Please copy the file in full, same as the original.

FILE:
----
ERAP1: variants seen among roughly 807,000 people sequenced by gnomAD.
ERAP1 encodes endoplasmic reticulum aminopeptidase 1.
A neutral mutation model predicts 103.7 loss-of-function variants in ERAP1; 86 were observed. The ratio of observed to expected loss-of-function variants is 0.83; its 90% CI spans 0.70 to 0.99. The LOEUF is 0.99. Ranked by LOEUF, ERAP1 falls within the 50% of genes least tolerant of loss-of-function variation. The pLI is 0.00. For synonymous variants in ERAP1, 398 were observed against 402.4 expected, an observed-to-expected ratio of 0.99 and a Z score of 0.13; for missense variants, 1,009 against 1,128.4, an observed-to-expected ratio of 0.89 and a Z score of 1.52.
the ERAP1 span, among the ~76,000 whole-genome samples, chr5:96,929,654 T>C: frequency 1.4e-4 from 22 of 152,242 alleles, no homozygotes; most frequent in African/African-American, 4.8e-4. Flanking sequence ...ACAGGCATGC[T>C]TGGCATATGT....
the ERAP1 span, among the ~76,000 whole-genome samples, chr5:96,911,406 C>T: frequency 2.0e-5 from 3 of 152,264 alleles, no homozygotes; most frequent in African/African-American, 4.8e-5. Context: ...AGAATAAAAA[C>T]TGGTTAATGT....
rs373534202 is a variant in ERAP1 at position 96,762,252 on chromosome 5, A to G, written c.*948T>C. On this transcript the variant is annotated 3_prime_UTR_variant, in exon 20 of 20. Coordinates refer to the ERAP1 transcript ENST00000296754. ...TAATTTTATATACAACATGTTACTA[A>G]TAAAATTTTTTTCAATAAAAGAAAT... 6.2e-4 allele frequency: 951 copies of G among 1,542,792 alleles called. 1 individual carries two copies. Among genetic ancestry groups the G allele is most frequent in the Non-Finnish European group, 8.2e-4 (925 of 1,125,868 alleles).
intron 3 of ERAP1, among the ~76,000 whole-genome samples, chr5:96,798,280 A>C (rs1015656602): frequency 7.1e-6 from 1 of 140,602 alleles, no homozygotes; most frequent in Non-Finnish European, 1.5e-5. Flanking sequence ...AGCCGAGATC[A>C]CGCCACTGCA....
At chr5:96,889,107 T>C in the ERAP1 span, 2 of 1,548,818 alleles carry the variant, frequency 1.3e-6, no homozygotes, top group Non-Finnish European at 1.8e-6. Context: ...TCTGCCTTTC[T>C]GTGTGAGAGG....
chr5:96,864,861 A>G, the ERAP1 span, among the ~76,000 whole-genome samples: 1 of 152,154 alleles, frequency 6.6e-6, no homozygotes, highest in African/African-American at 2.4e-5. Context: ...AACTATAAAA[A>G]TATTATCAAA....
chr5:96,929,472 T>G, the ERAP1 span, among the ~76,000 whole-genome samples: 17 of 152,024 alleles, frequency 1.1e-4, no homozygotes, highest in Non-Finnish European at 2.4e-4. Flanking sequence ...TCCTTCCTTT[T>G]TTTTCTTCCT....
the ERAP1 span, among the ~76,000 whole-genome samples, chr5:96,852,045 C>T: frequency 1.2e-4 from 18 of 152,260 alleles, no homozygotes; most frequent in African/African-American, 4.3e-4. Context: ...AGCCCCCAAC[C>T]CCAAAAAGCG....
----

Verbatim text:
ERAP1: variants seen among roughly 807,000 people sequenced by gnomAD.
ERAP1 encodes endoplasmic reticulum aminopeptidase 1.
A neutral mutation model predicts 103.7 loss-of-function variants in ERAP1; 86 were observed. The ratio of observed to expected loss-of-function variants is 0.83; its 90% CI spans 0.70 to 0.99. The LOEUF is 0.99. Ranked by LOEUF, ERAP1 falls within the 50% of genes least tolerant of loss-of-function variation. The pLI is 0.00. For synonymous variants in ERAP1, 398 were observed against 402.4 expected, an observed-to-expected ratio of 0.99 and a Z score of 0.13; for missense variants, 1,009 against 1,128.4, an observed-to-expected ratio of 0.89 and a Z score of 1.52.
the ERAP1 span, among the ~76,000 whole-genome samples, chr5:96,929,654 T>C: frequency 1.4e-4 from 22 of 152,242 alleles, no homozygotes; most frequent in African/African-American, 4.8e-4. Flanking sequence ...ACAGGCATGC[T>C]TGGCATATGT....
the ERAP1 span, among the ~76,000 whole-genome samples, chr5:96,911,406 C>T: frequency 2.0e-5 from 3 of 152,264 alleles, no homozygotes; most frequent in African/African-American, 4.8e-5. Context: ...AGAATAAAAA[C>T]TGGTTAATGT....
rs373534202 is a variant in ERAP1 at position 96,762,252 on chromosome 5, A to G, written c.*948T>C. On this transcript the variant is annotated 3_prime_UTR_variant, in exon 20 of 20. Coordinates refer to the ERAP1 transcript ENST00000296754. ...TAATTTTATATACAACATGTTACTA[A>G]TAAAATTTTTTTCAATAAAAGAAAT... 6.2e-4 allele frequency: 951 copies of G among 1,542,792 alleles called. 1 individual carries two copies. Among genetic ancestry groups the G allele is most frequent in the Non-Finnish European group, 8.2e-4 (925 of 1,125,868 alleles).
intron 3 of ERAP1, among the ~76,000 whole-genome samples, chr5:96,798,280 A>C (rs1015656602): frequency 7.1e-6 from 1 of 140,602 alleles, no homozygotes; most frequent in Non-Finnish European, 1.5e-5. Flanking sequence ...AGCCGAGATC[A>C]CGCCACTGCA....
At chr5:96,889,107 T>C in the ERAP1 span, 2 of 1,548,818 alleles carry the variant, frequency 1.3e-6, no homozygotes, top group Non-Finnish European at 1.8e-6. Context: ...TCTGCCTTTC[T>C]GTGTGAGAGG....
chr5:96,864,861 A>G, the ERAP1 span, among the ~76,000 whole-genome samples: 1 of 152,154 alleles, frequency 6.6e-6, no homozygotes, highest in African/African-American at 2.4e-5. Context: ...AACTATAAAA[A>G]TATTATCAAA....
chr5:96,929,472 T>G, the ERAP1 span, among the ~76,000 whole-genome samples: 17 of 152,024 alleles, frequency 1.1e-4, no homozygotes, highest in Non-Finnish European at 2.4e-4. Flanking sequence ...TCCTTCCTTT[T>G]TTTTCTTCCT....
the ERAP1 span, among the ~76,000 whole-genome samples, chr5:96,852,045 C>T: frequency 1.2e-4 from 18 of 152,260 alleles, no homozygotes; most frequent in African/African-American, 4.3e-4. Context: ...AGCCCCCAAC[C>T]CCAAAAAGCG....